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A Review of

The Tribal Bible
(2003 Edition)

by Kajira Djoumahna

 

This review refers to the 2003 edition of this book. If you are looking for information on the original "collector's edition" of The Tribal Bible, which was published in 1999, please see the separate review for that version elsewhere on this web site.

 

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Summary

The Tribal Bible is Kajira Djoumahna's revised edition of her book about U.S. tribal-style belly dance. Kajira particularly emphasizes the subset known as American Tribal Style (ATS), which consists of group improvisation pioneered by Carolena Nericcio of FatChanceBellyDance. However, she includes information that will be interesting and helpful to people who embrace other flavors of tribal as well, including interviews with Suhaila Salimpour, John Compton, and many others.
Cover

 

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Fact Sheet

Title

The Tribal Bible: Exploring the Phenomenon That Is American Tribal Style Bellydance

Author

Kajira Djoumahna

ISBN

0972848606

Publisher

Kajira Djoumahna

Category

Nonfiction: General Belly Dancing Information

Rating

StarStarStarStar

Number of Pages

301

Published In

2003

 

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Description

The Tribal Bible is Kajira Djoumahna's second edition of her book about U.S. tribal-style belly dance. Kajira particularly emphasizes the subset known as American Tribal Style (ATS), which consists of group improvisation pioneered by Carolena Nericcio of FatChanceBellyDance. However, she includes information that will be interesting and helpful to people who embrace other flavors of tribal as well, including interviews with Suhaila Salimpour, John Compton, and many others.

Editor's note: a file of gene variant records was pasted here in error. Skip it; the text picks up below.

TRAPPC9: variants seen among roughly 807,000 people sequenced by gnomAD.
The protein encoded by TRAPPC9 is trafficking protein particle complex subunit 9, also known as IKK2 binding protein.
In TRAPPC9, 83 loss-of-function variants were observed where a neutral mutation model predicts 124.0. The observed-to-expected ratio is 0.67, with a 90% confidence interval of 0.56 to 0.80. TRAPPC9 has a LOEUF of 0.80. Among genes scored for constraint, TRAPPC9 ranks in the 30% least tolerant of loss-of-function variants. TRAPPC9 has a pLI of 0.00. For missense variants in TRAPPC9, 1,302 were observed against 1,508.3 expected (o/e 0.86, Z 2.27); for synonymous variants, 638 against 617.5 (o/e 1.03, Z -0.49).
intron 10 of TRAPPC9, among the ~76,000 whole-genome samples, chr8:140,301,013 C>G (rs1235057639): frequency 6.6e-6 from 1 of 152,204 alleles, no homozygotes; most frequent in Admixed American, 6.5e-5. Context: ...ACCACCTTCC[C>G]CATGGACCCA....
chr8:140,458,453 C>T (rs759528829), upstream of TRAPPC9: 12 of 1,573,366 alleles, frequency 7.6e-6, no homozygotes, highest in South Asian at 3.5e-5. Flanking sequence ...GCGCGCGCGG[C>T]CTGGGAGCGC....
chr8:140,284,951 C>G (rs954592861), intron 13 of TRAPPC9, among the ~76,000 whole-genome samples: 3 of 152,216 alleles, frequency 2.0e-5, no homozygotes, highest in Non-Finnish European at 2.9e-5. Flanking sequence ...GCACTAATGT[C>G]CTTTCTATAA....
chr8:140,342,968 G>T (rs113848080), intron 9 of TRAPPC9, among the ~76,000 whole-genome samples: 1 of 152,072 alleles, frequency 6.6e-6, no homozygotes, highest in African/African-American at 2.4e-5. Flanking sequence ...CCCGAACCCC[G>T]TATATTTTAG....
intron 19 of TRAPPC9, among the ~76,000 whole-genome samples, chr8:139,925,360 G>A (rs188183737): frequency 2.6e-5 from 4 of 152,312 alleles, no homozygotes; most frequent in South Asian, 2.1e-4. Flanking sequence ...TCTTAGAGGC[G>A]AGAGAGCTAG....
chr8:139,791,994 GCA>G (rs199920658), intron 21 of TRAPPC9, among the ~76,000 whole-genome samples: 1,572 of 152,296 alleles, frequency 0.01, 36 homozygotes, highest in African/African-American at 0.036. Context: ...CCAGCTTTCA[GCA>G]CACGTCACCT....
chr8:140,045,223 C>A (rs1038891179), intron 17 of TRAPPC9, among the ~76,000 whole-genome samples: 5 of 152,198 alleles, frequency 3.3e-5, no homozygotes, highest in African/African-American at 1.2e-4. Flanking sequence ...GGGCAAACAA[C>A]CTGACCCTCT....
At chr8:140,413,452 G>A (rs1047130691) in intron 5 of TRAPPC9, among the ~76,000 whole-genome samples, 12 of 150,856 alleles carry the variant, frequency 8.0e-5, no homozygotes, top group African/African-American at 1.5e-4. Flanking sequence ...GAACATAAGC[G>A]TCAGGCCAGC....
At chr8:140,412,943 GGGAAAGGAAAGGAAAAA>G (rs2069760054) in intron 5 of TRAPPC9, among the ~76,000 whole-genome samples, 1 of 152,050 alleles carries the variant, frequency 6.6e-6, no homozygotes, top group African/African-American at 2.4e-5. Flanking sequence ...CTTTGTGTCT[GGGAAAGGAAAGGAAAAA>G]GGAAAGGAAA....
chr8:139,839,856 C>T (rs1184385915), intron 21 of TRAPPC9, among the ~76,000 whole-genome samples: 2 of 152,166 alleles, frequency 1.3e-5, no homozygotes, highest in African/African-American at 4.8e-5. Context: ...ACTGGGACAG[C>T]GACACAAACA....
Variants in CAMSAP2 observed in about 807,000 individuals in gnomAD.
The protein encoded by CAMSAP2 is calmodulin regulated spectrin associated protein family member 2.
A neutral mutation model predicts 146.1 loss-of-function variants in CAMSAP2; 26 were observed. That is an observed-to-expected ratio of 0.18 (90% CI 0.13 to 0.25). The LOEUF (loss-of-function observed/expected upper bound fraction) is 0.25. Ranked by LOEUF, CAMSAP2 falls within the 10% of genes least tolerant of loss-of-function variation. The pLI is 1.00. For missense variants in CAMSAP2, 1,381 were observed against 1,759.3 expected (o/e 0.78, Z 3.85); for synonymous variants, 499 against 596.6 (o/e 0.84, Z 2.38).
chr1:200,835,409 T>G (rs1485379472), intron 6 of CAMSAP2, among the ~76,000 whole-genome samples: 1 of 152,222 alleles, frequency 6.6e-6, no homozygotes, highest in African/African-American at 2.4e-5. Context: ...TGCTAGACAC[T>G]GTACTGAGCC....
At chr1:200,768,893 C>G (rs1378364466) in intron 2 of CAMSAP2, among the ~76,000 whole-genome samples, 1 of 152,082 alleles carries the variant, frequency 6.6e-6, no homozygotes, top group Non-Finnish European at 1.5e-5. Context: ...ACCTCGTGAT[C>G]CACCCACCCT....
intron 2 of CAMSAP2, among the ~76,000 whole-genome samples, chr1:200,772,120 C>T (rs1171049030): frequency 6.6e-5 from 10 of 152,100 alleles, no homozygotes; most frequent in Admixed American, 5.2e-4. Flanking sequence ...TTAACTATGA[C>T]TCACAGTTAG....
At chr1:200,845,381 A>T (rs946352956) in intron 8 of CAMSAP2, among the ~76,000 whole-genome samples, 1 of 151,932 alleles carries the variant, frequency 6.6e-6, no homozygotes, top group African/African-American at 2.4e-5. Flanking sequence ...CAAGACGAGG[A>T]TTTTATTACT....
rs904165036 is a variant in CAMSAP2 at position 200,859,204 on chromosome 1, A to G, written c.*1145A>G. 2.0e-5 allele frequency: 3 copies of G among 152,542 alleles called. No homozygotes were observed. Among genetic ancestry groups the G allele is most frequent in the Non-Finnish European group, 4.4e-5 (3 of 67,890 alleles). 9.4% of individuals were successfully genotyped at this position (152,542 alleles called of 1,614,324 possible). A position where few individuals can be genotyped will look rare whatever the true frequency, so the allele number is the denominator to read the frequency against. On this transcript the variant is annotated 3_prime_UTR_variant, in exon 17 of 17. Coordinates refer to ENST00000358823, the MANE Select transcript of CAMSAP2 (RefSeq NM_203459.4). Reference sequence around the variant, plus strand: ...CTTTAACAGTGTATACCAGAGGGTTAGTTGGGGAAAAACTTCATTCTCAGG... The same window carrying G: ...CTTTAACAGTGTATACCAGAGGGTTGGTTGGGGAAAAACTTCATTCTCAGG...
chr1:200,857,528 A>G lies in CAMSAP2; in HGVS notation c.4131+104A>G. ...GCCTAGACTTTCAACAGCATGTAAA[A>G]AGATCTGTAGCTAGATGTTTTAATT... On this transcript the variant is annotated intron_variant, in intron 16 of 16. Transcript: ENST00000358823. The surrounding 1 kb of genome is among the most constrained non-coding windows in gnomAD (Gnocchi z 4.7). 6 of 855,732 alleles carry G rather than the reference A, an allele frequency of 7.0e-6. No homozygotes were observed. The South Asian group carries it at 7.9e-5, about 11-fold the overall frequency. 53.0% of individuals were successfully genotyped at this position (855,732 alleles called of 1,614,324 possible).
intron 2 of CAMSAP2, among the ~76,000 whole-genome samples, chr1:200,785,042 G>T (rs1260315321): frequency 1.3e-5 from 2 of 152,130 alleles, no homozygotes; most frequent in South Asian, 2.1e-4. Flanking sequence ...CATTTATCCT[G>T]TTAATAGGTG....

In this 300-page volume, Kajira offers extremely detailed information about the many aspects of tribal style belly dance.

The book opens, appropriately, with a definition of Tribal belly dance, then moves into a historical view of its origins. This includes interviews with Suhaila Salimpour (whose mother, Jamila, founded the troupe Bal Anat which pioneered this style), Carolena Nericcio (the director of FatChanceBellyDance and founder of the subset of Tribal known today as American Tribal Style, and Masha Archer, the teacher from whom Carolena learned to belly dance.

Chapter 2 covers other offshoots of Bal Anat, who took Jamila Salimpour's concept into their own directions. It begins with an extensive interview with John Compton, who together with Rita Alderucci is the director of the troupe Hahbi 'Ru. A former member of Bal Anat from the 1970's, John speaks of what it was like to be the first male dancer in the troupe and offers insight into the experience of being a member of this influential dance company. He also talks about Hahbi 'Ru, and offers tips for softening the stiff new assuit currently being made in Egypt. The chapter closes with interviews with other former members of Bal Anat, Yasmela and Jenia, who took the Bal Anat concept into their own artistic directions.

In Chapter 3, Kajira moves on to profiling the "descendants" of FatChance. She includes comments from Paulette Rees-Denis (director of Gypsy Caravan), Jill Parker (Ultra Gypsy), and other leaders in the style. Most of these are presented in the form of correspondence that Kajira received from them, rather than as interviews.